(This article belongs to the Special Issue Soil Hydrology and Erosion)
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Open AccessArticle A Database for Climatic Conditions around Europe for Promoting GSHP Solutions
Geosciences 2018, 8(2), 71; https://doi.org/10.3390/geosciences8020071
Received: 24 October 2017 / Revised: 25 January 2018 / Accepted: 10 February 2018 / Published: 14 February 2018
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Abstract
Weather plays an important role for energy uses in buildings. For this reason, it is required to define the proper boundary conditions in terms of the different parameters affecting energy and comfort in buildings. They are also the basis for determining the ground
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Weather plays an important role for energy uses in buildings. For this reason, it is required to define the proper boundary conditions in terms of the different parameters affecting energy and comfort in buildings. They are also the basis for determining the ground temperature in different locations, as well as for determining the potential for using geothermal energy. This paper presents a database for climates in Europe that has been used in a freeware tool developed as part of the H2020 research project named “Cheap-GSHPs”. The standard Köppen-Geiger climate classification has been matched with the weather data provided by the ENERGYPLUS and METEONORM software database. The Test Reference Years of more than 300 locations have been considered. These locations have been labelled according to the degree-days for heating and cooling, as well as by the Köppen-Geiger scale. A comprehensive data set of weather conditions in Europe has been created and used as input for a GSHP sizing software, helping the user in selecting the weather conditions closest to the location of interest. The proposed method is based on lapse rates and has been tested at two locations in Switzerland and Ireland. It has been demonstrated as quite valid for the project purposes, considering the spatial distribution and density of available data and the lower computing load, in particular for locations where altitude is the main factor controlling on the temperature variations. Full article
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Open AccessErratum Erratum: Gliß, J.; et al. Pyplis–A Python Software Toolbox for the Analysis of SO2 Camera Images for Emission Rate Retrievals from Point Sources. Geosciences 2017, 7, 134
Geosciences 2018, 8(2), 70; https://doi.org/10.3390/geosciences8020070
Received: 7 February 2018 / Revised: 8 February 2018 / Accepted: 8 February 2018 / Published: 13 February 2018
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Abstract
The Geosciences Editorial Office would like to make the following change to this paper [...] Full article
Open AccessArticle Impact of the Rainfall Duration and Temporal Rainfall Distribution Defined Using the Huff Curves on the Hydraulic Flood Modelling Results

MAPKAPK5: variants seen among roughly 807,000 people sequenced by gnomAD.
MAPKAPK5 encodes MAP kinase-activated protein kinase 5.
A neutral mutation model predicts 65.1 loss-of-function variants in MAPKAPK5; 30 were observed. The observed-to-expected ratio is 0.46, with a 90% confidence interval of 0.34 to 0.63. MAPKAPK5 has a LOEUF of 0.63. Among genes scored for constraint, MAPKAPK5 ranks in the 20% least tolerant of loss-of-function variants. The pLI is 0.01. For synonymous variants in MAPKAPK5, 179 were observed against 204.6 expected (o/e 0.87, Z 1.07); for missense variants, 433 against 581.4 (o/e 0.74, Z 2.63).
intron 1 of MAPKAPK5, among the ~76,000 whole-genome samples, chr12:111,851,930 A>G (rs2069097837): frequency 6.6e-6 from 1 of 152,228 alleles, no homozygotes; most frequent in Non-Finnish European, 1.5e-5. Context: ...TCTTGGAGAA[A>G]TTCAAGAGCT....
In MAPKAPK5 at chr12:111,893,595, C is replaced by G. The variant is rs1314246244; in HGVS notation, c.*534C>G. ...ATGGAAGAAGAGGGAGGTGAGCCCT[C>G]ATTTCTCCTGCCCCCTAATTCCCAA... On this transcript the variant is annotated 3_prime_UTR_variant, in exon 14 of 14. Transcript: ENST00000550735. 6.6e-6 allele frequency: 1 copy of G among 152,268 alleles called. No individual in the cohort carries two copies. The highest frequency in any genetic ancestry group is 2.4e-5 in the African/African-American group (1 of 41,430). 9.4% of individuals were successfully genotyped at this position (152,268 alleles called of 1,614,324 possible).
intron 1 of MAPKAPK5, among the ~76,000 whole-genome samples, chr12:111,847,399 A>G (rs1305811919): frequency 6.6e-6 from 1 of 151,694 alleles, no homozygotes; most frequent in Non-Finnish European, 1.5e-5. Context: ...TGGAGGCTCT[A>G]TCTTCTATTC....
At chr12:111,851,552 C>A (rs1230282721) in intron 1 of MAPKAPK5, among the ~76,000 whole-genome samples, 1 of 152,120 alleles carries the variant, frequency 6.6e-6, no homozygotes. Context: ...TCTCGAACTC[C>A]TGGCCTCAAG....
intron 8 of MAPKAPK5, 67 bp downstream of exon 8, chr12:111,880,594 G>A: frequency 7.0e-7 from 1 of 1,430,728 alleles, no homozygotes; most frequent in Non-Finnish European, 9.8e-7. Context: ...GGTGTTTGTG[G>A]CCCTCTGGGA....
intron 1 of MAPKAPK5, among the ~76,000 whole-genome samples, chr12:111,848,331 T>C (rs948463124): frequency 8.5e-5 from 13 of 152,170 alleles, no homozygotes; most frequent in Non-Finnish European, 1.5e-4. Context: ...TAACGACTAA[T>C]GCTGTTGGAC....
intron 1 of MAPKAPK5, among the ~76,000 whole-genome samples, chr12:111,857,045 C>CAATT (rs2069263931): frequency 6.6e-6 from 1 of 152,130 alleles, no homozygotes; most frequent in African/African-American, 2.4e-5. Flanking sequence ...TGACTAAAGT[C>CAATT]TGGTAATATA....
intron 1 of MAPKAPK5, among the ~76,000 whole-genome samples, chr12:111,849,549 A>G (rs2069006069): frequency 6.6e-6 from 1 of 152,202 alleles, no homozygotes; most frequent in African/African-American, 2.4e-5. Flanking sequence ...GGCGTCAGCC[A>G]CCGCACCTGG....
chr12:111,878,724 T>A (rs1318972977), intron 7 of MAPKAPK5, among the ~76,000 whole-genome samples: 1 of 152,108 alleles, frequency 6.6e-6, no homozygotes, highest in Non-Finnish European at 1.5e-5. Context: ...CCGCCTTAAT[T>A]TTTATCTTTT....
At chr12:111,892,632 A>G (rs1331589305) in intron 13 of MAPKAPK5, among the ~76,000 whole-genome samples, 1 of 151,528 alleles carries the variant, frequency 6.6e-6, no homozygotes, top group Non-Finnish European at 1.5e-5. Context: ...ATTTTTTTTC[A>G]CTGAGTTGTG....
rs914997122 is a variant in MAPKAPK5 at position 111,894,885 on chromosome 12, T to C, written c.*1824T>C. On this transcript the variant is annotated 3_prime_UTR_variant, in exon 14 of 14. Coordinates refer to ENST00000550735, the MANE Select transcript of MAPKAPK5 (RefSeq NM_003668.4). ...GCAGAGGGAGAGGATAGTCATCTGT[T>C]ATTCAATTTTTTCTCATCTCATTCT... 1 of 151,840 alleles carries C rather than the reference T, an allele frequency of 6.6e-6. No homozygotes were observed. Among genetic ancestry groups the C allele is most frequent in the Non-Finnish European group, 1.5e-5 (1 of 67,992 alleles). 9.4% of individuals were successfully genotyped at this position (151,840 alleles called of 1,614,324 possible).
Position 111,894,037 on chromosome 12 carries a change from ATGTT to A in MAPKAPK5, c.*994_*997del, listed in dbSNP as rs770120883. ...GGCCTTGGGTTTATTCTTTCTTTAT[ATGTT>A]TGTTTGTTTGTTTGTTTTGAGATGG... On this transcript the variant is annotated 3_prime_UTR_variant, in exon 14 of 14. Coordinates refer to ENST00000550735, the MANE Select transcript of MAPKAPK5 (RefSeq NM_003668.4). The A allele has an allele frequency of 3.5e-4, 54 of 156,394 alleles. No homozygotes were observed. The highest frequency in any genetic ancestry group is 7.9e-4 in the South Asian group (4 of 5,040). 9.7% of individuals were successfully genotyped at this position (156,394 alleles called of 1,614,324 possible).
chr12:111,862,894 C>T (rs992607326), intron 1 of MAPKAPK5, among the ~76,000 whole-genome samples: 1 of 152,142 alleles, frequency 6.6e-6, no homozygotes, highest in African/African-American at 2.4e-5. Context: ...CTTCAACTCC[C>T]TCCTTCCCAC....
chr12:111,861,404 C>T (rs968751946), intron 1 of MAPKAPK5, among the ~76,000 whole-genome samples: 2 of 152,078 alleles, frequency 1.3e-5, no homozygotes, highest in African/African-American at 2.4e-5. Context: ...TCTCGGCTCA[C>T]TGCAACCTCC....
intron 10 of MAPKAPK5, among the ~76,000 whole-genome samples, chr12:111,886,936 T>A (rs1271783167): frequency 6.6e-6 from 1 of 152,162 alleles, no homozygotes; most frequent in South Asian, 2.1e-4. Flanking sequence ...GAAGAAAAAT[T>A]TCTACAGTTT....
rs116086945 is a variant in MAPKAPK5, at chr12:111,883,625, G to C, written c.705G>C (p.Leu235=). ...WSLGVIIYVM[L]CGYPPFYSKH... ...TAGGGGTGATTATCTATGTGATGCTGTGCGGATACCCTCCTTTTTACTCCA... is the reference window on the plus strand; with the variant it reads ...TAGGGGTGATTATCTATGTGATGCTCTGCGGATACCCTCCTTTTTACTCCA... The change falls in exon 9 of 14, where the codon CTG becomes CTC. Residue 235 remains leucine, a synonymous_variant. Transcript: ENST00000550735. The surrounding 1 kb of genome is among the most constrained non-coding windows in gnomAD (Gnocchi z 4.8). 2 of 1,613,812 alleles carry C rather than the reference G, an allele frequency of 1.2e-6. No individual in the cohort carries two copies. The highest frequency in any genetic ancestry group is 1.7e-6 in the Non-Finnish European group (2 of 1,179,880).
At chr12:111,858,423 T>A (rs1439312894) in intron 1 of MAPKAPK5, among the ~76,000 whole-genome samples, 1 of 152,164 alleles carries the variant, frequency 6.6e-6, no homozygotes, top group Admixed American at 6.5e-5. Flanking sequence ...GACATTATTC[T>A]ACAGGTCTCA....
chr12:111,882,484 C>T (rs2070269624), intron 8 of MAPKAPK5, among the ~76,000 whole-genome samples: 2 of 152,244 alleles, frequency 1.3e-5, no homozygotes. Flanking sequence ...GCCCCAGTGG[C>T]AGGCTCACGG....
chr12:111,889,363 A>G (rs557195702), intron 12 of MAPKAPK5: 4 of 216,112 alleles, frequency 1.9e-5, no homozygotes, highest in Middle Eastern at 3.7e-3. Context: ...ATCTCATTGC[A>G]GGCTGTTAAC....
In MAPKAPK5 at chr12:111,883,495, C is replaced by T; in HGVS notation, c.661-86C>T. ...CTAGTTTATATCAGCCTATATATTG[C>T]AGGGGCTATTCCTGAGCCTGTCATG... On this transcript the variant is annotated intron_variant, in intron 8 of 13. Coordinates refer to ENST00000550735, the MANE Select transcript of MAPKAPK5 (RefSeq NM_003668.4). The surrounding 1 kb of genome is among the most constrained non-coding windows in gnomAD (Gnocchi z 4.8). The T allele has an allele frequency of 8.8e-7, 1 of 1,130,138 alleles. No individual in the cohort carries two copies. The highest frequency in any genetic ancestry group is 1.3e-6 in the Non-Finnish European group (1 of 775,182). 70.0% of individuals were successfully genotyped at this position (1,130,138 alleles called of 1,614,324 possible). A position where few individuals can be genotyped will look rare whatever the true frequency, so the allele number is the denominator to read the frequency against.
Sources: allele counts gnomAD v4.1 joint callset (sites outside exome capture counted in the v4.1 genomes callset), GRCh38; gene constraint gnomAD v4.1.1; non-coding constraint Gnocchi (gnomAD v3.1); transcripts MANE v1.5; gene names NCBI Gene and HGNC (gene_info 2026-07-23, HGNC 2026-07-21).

Geosciences 2018, 8(2), 69; https://doi.org/10.3390/geosciences8020069
Received: 15 January 2018 / Revised: 7 February 2018 / Accepted: 10 February 2018 / Published: 11 February 2018
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Abstract
In the case of ungauged catchments, different procedures can be used to derive the design hydrograph and design peak discharge, which are crucial input data for the design of different hydrotechnical engineering structures, or the production of flood hazard maps. One of the
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In the case of ungauged catchments, different procedures can be used to derive the design hydrograph and design peak discharge, which are crucial input data for the design of different hydrotechnical engineering structures, or the production of flood hazard maps. One of the possible approaches involves using a hydrological model where one can calculate the design hydrograph through the design of a rainfall event. This study investigates the impact of the design rainfall on the combined one-dimensional/two-dimensional (1D/2D) hydraulic modelling results. The Glinščica Stream catchment located in Slovenia (central Europe) is used as a case study. Ten different design rainfall events were compared for 10 and 100-year return periods, where we used Huff curves for the design rainfall event definition. The results indicate that the selection of the design rainfall event should be regarded as an important step, since the hydraulic modelling results for different scenarios differ significantly. In the presented experimental case study, the maximum flooded area extent was twice as large as the minimum one, and the maximum water velocity over flooded areas was more than 10 times larger than the minimum one. This can lead to the production of very different flood hazard maps, and consequently planning very different flood protection schemes. Full article
(This article belongs to the Special Issue Hydrological Hazard: Analysis and Prevention)
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Open AccessArticle Ozone Depletion in Tropospheric Volcanic Plumes: From Halogen-Poor to Halogen-Rich Emissions
Geosciences 2018, 8(2), 68; https://doi.org/10.3390/geosciences8020068
Received: 15 November 2017 / Revised: 24 January 2018 / Accepted: 24 January 2018 / Published: 10 February 2018